Tomado de: zelena-akcija.h
On February 17th, activists formed a human chain in front of the coal power plant in Plomin in Croatia and hanged a banner saying: “The price of coal? Our lives”.
El 17 de febrero, activistas formaron una cadena humana frente a la planta de energía de carbón en Plomin – Croacia. En sus manos portaban una pancarta que decía: “El precio del carbón? Nuestras vidas”
Activists staged the action to demonstrate that coal is the invisible killer which brings suffering, diseases and death to people from both sides of the “coal chain” – in the distant Colombia, where coal exploitation directly threatens the survival of local Indigenous and Afro-Colombian communities, as well as in countries like Croatia and Italy where Colombian coal is used as a fuel for power plants.
By forming the international human chain, activist also emphasized the strength that comes from a joint fight against coal, like seen in Italy where citizens and environmental organizations managed to bring cases of coal power plants to court.
Activists from Green Istria, Green Action/FoE Croatia, Greenpeace, CEE Bankwatch Network, FoE Colombia and Re:Common, including local activist Mladen Bastijanić, and with the support of Labin Art Express, formed the human chain in Plomin. Silhouettes of people were also included in the chain as a symbol of the lives lost due to the use of coal.
Danilo Urrea from the Colombian organization CENSAT-Agua Viva/Friends of the Earth Colombia talked about the horrific consequences of coal exploitation in the coal mine El Cerrejon, located in the Colombian region La Guajira. During the last fifteen years, thousands of tons of coal from El Cerrejon were used in the thermal power (TP) plant “Plomin”.
“Companies that are in the business of coal exploitation lie when they talk about development of the regions surrounding the coal mine El Cerrejon. The truth is that on the territory of La Guajira children are dying because of thirst and hunger”, said Urrea.
In less than 30 years, coal companies, large-scale farmers and agricultural industry have polluted, privatized, imposed control and exhausted water resources of La Guajira. El Cerrejon alone uses 17 million liters of water per day only for road watering in order to minimise the dust left behind by passing trucks loaded with coal. At the same time, an average inhabitant of La Guajira drinks less than one liter of water per day. In these conditions of water scarcity, local communities are not able to produce food and live in a self-sustainable way as they used to.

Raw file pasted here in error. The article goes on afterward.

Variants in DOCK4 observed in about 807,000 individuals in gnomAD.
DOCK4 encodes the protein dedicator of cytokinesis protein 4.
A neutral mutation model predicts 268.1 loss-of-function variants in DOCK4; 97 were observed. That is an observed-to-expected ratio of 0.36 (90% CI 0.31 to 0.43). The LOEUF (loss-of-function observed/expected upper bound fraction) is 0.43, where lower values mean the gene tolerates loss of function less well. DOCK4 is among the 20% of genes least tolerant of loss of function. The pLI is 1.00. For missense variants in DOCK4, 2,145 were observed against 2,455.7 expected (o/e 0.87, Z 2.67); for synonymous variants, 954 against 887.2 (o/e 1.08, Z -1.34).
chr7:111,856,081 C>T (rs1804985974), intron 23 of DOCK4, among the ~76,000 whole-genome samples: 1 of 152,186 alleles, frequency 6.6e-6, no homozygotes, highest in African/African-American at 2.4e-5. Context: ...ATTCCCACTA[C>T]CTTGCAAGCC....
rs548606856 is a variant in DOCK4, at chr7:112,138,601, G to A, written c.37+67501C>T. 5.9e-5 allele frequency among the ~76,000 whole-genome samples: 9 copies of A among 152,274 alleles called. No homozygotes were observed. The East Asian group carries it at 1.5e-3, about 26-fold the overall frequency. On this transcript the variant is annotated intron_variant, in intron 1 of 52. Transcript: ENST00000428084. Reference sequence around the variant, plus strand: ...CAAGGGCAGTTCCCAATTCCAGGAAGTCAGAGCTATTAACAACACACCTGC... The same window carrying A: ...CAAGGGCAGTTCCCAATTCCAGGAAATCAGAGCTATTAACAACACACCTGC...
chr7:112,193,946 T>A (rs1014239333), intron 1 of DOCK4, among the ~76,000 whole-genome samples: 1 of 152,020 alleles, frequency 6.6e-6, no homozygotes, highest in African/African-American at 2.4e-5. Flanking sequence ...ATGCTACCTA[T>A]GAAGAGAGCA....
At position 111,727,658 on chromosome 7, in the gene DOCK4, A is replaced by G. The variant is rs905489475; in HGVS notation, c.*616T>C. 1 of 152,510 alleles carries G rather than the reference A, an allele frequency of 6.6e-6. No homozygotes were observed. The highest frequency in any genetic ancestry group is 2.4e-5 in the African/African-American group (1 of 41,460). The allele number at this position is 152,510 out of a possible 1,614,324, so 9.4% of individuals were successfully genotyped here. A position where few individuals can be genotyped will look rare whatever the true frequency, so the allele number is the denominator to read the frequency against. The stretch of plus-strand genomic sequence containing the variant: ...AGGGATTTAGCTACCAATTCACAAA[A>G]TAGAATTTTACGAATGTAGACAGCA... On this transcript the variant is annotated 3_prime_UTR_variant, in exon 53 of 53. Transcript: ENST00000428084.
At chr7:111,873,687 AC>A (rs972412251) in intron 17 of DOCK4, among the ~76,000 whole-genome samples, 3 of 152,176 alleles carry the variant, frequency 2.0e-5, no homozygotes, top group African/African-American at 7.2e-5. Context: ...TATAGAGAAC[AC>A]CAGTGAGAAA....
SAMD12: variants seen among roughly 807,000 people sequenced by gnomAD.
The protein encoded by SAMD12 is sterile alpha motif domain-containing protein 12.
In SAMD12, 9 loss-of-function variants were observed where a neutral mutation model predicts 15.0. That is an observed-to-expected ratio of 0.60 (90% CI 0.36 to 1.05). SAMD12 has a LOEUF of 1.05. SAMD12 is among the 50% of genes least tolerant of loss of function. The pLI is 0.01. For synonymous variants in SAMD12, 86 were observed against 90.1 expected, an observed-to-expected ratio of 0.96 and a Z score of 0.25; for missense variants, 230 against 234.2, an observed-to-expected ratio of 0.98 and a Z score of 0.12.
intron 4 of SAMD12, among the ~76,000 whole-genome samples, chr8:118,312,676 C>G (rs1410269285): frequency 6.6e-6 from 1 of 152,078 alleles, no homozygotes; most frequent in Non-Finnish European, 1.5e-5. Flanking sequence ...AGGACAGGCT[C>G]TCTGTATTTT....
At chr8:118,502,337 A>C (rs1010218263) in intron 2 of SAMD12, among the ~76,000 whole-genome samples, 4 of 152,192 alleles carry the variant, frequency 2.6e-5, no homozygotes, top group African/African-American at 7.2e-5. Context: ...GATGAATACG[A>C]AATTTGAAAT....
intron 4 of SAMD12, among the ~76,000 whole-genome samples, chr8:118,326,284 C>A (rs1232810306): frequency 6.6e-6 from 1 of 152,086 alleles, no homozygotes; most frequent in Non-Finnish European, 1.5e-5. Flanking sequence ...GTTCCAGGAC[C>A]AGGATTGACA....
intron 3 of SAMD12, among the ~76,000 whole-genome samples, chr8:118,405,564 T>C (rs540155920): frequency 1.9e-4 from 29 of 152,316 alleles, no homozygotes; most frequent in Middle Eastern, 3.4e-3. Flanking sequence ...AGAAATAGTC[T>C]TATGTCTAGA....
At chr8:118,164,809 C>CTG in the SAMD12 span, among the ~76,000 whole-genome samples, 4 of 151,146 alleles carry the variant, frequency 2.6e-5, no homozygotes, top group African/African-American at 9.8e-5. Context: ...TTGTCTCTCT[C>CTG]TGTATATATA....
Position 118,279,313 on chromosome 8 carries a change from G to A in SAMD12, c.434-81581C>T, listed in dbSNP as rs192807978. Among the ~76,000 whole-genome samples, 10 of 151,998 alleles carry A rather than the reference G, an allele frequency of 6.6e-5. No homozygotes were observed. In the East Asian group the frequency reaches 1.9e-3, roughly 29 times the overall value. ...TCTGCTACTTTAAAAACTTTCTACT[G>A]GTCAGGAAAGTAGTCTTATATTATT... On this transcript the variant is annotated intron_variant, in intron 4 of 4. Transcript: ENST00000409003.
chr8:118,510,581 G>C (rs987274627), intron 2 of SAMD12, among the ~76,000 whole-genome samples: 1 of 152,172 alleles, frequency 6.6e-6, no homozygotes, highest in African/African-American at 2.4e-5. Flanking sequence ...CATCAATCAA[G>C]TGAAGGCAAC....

Since the culture of Indigenous and Afro-Colombian communities emerged and consolidated around rich water resources and traditional agriculture, hens, sheep and cattle rearing and fishing, Urrea thinks that El Cerrejon is largely responsable for the water crisis and destruction of the culture of local communities.
“Water scarcity is one of the most important causes of environmental conflicts between local communities and corporations that exploit coal in El Cerrejon. Moreover, responsibility for this conflict also lies in the countries that import coal”, said Urrea.
Antonio Tricarico, representative of the Italian organisatio Re:Common, reflected on the successful fight of citizens and environmental organizations against a coal power plant in the Italian town Vado Ligure.
“Doctors finally started speaking up and revealing the causes of chronic diseases and deaths caused by coal power plants in densely populated areas, such as the one in Vado. Citizens organised and filled complaints to the authorities. This is how a state investigation of 86 persons started, including the power plant managers and public officials . The investigation ended recently and showed that they are responsible for an environmental disaster with fatal consequences”, explained Tricarico.
The beginning of the trial in Italy is expected soon, especially as the members of the Italian Parliament supported the results of the investigation, with a conclusion that in the case of Vado Ligureo, big corporate interests had been successfully putting pressure on the authorities, harming the interests of citizens of Vado Ligure.
Mladen Bastijanić, a well-known activist from Labin fighting the construction of TP “Plomin C” and opposing energy production from imported coal, also supported the protest action staged by environmental organizations.
“Bubić Jama is one of the highest quality water sources in the Labin area. However, this source supplies TP “Plomin”, and not the citizens of Labin. On the other hand, the Labin area gets water from sources in Raša valley, which are of far lower quality and under greater pressure from pollution. To provide the Plomin power plant with water of better quality and the people with water of lower quality is really a crime, and people who love their land would never let something like this happen”, said Mladen Bastijanić. Moreover, he believes that Croatia should produce energy relying on its own resources, respectively renewable energy sources, that won’t be harmful to people and the environment.
“Recently, the Croatian Government announced a temporary moratorium on the construction of the new coal power plant “Plomin C”. We urge the Government once more to permanently abandon this harmful project because “Plomin C” would create the need for increased amounts of imported coal. Development that is based on coal is neither moral nor just”, said Dušica Radojčić from Green Istria.
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